Design for a better customer service

Despite an earlier belief that I wasted tuition on a Designing for Service class, I am surprised to see myself pointing out notes of great service design.

While standing in the checkout line at Costco with three items, a guy with a wireless scanner stepped over to us and scanned our three items. He told us that we could just show our costco membership card at the cashier without taking anything out of the cart, pay and we’ll be on our way. Someone took the time to figure out how to address the less common use case of a customer buying a few items and make the experience better.

And then today when I wanted to switch my departure airport for Pittsburgh on Southwest, I only had to go to the website and click on View or change your flight. Within minutes, I switched my airport from Oakland to San Jose. No extra fees. No worries. And I had a freedom of choice. Within 5 minutes. I was happy. Someone too thought of what hassles travelers had to go through and designed the service to reduce those hassles.

And yet, there are services (and products) out there that are designed to be deliberately difficult. I always found that instruments were deliberately designed to be difficult because the pleasure is not in the act, but the pleasure comes from the mastery. The same with many games. And walking into a Diesel store. For some, it’s an confusing experience meant to make someone see a salesperson as the knight in shining armor. For others, it’s almost a feeling of exclusion–only a certain demographic would shop there.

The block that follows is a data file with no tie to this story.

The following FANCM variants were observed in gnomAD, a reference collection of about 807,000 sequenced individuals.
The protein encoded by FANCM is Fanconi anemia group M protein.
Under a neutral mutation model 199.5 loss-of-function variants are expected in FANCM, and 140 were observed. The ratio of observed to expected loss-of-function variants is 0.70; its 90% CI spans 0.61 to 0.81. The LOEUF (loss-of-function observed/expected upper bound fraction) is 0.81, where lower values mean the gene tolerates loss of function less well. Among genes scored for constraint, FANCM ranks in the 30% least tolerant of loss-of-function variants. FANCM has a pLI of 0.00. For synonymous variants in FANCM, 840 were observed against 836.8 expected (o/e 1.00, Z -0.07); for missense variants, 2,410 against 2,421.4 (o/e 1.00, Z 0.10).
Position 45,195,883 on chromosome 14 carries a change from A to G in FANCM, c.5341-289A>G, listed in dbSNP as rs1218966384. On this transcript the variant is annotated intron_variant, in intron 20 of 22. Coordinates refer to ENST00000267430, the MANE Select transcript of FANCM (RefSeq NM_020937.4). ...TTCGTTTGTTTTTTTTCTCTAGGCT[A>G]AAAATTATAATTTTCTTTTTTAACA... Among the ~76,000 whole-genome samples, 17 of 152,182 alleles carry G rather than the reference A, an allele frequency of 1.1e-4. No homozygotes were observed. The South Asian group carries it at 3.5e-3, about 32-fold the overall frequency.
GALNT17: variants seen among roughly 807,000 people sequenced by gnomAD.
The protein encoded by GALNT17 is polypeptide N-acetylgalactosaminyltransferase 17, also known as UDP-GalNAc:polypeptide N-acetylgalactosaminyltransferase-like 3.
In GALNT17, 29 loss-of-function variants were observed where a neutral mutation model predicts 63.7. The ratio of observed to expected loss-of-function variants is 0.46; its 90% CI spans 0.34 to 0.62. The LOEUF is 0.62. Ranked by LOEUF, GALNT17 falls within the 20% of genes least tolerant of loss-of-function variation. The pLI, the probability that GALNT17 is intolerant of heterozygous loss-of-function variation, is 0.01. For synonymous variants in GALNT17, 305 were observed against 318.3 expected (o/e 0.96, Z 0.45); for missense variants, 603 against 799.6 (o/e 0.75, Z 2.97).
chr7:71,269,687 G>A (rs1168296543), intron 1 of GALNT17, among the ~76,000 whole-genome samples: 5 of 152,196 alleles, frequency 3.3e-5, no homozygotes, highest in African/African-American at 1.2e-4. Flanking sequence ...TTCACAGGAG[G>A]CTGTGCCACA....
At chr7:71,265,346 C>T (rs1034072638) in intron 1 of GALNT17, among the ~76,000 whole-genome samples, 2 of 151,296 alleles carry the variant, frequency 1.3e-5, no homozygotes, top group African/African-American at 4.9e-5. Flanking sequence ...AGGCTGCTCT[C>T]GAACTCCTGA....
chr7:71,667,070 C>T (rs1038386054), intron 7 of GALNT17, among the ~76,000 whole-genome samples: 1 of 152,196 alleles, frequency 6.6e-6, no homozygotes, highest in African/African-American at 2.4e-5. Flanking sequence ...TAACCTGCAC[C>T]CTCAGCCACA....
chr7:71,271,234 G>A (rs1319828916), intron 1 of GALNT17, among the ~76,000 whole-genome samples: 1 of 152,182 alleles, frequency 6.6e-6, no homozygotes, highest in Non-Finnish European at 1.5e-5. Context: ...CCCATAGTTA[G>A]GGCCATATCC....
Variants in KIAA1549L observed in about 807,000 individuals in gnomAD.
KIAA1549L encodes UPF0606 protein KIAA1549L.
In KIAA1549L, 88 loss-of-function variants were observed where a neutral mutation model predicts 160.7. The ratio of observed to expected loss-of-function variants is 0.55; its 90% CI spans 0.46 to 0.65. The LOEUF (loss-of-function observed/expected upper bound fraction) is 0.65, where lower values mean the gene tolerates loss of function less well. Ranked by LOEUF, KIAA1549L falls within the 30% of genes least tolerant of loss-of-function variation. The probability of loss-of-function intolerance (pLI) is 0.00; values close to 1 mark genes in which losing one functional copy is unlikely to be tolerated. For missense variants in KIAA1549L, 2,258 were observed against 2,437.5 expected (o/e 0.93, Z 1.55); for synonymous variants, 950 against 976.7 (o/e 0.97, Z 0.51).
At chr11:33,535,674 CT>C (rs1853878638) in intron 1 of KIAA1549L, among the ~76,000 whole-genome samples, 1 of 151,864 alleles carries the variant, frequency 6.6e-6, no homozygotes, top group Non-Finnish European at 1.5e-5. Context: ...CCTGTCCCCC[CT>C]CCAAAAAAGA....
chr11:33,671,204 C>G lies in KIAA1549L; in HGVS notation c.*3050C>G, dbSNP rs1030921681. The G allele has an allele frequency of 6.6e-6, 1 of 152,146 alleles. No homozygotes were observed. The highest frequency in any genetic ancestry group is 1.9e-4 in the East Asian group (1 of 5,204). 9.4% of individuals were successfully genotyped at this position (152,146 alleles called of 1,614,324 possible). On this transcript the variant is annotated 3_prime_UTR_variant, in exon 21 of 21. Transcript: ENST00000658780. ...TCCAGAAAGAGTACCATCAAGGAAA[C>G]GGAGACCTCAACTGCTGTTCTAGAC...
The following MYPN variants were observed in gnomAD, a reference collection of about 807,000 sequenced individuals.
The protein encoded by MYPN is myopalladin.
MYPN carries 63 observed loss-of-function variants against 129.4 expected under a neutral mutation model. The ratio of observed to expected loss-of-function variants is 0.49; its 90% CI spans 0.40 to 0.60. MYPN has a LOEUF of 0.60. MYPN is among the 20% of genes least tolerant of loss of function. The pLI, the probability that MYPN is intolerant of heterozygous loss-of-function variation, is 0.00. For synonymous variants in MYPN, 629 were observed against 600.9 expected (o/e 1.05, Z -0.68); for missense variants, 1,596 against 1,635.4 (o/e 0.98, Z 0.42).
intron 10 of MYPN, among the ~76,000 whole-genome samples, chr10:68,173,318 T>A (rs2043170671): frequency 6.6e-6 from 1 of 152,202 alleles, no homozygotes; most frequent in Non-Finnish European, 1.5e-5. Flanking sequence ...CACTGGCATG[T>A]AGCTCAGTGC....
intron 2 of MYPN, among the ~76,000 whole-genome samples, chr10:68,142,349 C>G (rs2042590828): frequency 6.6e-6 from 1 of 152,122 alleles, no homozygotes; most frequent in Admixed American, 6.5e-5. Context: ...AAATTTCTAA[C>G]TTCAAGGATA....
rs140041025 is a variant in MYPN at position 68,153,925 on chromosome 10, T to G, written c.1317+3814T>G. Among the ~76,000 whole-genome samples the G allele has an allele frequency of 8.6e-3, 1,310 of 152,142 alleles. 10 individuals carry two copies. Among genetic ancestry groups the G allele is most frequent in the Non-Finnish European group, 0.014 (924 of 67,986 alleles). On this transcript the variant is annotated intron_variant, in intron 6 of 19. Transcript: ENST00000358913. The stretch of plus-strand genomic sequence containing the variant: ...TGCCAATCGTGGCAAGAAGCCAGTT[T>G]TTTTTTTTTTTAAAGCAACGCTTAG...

3 thoughts on “Design for a better customer service

  1. Seems like you’ve read “Emotional Design”. BTW, great blog. I’m not a stalker, I just found this blog while researching the CMU HCI prog. Keep up the good work.

  2. It’s a book often read in all hci classes! Or at least excerpts. Reveal your identity! In some way, that’s my biggest gripe about blog comments, but that’s ok. Besides, no need to be anonymous. I don’t collect email addresses for malicious purposes and they’re not posted!

  3. This also sounds alot like a book I just read called “Call of the Mall” by Paco Underhill. The line you wrote about Diesel is particularly relevant – Underhill recounts visiting a Diesel store with a teenage shopper and trying to determine which clothes are for men and which are for women. Soon enough, the salesperson swoops in to help. There’s also a line about Tiffany and Co., and how the small windows and imposing facade discourage the casual shopper (of course, the discount jewelry stores are nearby and have a much more open layout).

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